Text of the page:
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One to Rule Them All: How Consolidation is Harming the Videogame Industry

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By Nelson Schneider - 04/12/13 at 03:48 PM CT

Gazing out upon the game publishing landscape, where once there existed a scenic vista dotted with dozens of small developer/publishers that stood along the skyline like a forest of exotic alien trees, there now stand instead a few hulking, farraginous monoliths, spewing toxicity and death into the air. On the Western horizon of this landscape stand behemoths like EA, Activision, Atari (delenda est), Disney, Hasbro, and Warner Bros. (the latter three aren’t even primarily game makers), while on the Easter horizon stand Square-Enix, Namco-Bandai, Sega-Sammy, Tecmo-Koei, Takara-Tomy, and Konami. While most Eastern companies have the decency to memorialize the victims of their cannibalism via hyphenated naming, in the West the many consumed to fuel the growth of the few are forgotten by all but dedicated historians.

Surely the growth of a few companies must be a good thing, at least to capitalist thinking? These dominant companies must be doing everything right while the devoured-and-digested victim companies must have done everything wrong? Perhaps that is why the largest of the large, the great and all-consuming Electronic Arts, is considered the greatest videogame company in the world? Oh, no, wait, EA just earned the dubious honor of being elected the WORST company in America (not just the worst videogame company, but the worst company, period) for the second year in a row via a tournament run by The Consumerist.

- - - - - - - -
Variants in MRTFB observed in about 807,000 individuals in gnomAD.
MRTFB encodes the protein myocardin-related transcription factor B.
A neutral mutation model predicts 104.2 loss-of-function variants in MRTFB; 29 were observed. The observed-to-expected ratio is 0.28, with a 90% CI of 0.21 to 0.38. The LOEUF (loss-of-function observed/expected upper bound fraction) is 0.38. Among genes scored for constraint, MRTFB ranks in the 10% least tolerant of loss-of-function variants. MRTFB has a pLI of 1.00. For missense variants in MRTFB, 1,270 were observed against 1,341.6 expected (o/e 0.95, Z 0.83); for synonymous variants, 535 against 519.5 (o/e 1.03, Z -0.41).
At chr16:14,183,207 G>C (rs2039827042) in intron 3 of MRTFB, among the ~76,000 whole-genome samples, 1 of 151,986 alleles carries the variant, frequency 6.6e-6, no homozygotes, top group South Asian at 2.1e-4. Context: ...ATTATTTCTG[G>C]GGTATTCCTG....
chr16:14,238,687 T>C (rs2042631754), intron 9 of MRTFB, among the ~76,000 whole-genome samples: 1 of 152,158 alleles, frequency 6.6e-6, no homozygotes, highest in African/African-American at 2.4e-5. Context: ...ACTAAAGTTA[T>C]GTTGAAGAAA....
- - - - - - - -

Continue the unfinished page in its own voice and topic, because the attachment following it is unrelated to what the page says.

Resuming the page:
For anyone who isn’t fooled by blind capitalist loyalty, this should come as no surprise. As companies grow by consuming others, they set themselves up in a position where their entire structure becomes unstable. A huge conglomerate game publisher can’t maintain its operating budget and the legions of redundant staff members that come with each acquisition by continuing to operate as a small-to-medium developer/publisher, creating good games that appeal to maybe 100,000 gamers at most. In order to sustain itself, such a company needs ever-more, continual growth, and must fuel the growth either by consuming a popular small developer/publisher and attempting to cash-in on that popularity, or by releasing a stream of homogenous gruel, also known as “AAA” games, that appeal to the largest possible market segment, and writing off any product that sells less than 1 million units as a failure. With such enormous demands placed on the recently-consumed small developer/publishers still floating in the leviathan’s stomach, their digestion and excretion is almost assured. While, in the case of EA specifically, the former head of consumed-developer/publisher BioWare insists that EA never placed any specific, evil demands on the team, but instead “gave them enough rope to hang themselves,” it seems to me that a small development team within such a massive body would feel a subconscious demand to produce only products that sell 1 million units and appeal to the widest swath of customers possible, knowing that failure to meet such unspoken, unwritten demands would result in the shuttering of their studio, as happened to so many before them.